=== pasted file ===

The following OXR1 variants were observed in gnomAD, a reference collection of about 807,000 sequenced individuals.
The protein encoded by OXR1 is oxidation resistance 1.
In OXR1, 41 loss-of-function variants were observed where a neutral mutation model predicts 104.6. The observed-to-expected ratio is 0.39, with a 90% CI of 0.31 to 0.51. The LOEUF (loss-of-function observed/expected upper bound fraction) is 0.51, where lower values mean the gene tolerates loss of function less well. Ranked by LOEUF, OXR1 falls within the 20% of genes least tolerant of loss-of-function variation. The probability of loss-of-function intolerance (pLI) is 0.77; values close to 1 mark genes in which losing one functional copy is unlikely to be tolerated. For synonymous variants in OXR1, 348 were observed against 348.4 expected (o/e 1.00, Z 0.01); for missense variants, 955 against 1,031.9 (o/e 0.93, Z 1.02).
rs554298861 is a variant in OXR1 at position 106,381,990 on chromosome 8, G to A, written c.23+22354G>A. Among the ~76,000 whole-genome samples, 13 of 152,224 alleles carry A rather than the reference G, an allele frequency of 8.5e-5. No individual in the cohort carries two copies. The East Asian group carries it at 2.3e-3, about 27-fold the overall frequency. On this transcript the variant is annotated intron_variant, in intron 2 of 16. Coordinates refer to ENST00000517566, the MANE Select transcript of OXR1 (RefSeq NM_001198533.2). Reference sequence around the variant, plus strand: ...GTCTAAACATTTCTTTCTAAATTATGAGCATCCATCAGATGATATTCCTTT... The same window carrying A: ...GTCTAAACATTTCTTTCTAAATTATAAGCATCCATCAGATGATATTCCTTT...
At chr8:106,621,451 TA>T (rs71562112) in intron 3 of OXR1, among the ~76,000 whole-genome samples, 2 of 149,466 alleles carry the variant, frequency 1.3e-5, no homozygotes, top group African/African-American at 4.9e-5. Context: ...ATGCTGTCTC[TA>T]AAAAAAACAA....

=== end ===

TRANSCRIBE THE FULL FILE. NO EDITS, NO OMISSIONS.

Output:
The following OXR1 variants were observed in gnomAD, a reference collection of about 807,000 sequenced individuals.
The protein encoded by OXR1 is oxidation resistance 1.
In OXR1, 41 loss-of-function variants were observed where a neutral mutation model predicts 104.6. The observed-to-expected ratio is 0.39, with a 90% CI of 0.31 to 0.51. The LOEUF (loss-of-function observed/expected upper bound fraction) is 0.51, where lower values mean the gene tolerates loss of function less well. Ranked by LOEUF, OXR1 falls within the 20% of genes least tolerant of loss-of-function variation. The probability of loss-of-function intolerance (pLI) is 0.77; values close to 1 mark genes in which losing one functional copy is unlikely to be tolerated. For synonymous variants in OXR1, 348 were observed against 348.4 expected (o/e 1.00, Z 0.01); for missense variants, 955 against 1,031.9 (o/e 0.93, Z 1.02).
rs554298861 is a variant in OXR1 at position 106,381,990 on chromosome 8, G to A, written c.23+22354G>A. Among the ~76,000 whole-genome samples, 13 of 152,224 alleles carry A rather than the reference G, an allele frequency of 8.5e-5. No individual in the cohort carries two copies. The East Asian group carries it at 2.3e-3, about 27-fold the overall frequency. On this transcript the variant is annotated intron_variant, in intron 2 of 16. Coordinates refer to ENST00000517566, the MANE Select transcript of OXR1 (RefSeq NM_001198533.2). Reference sequence around the variant, plus strand: ...GTCTAAACATTTCTTTCTAAATTATGAGCATCCATCAGATGATATTCCTTT... The same window carrying A: ...GTCTAAACATTTCTTTCTAAATTATAAGCATCCATCAGATGATATTCCTTT...
At chr8:106,621,451 TA>T (rs71562112) in intron 3 of OXR1, among the ~76,000 whole-genome samples, 2 of 149,466 alleles carry the variant, frequency 1.3e-5, no homozygotes, top group African/African-American at 4.9e-5. Context: ...ATGCTGTCTC[TA>T]AAAAAAACAA....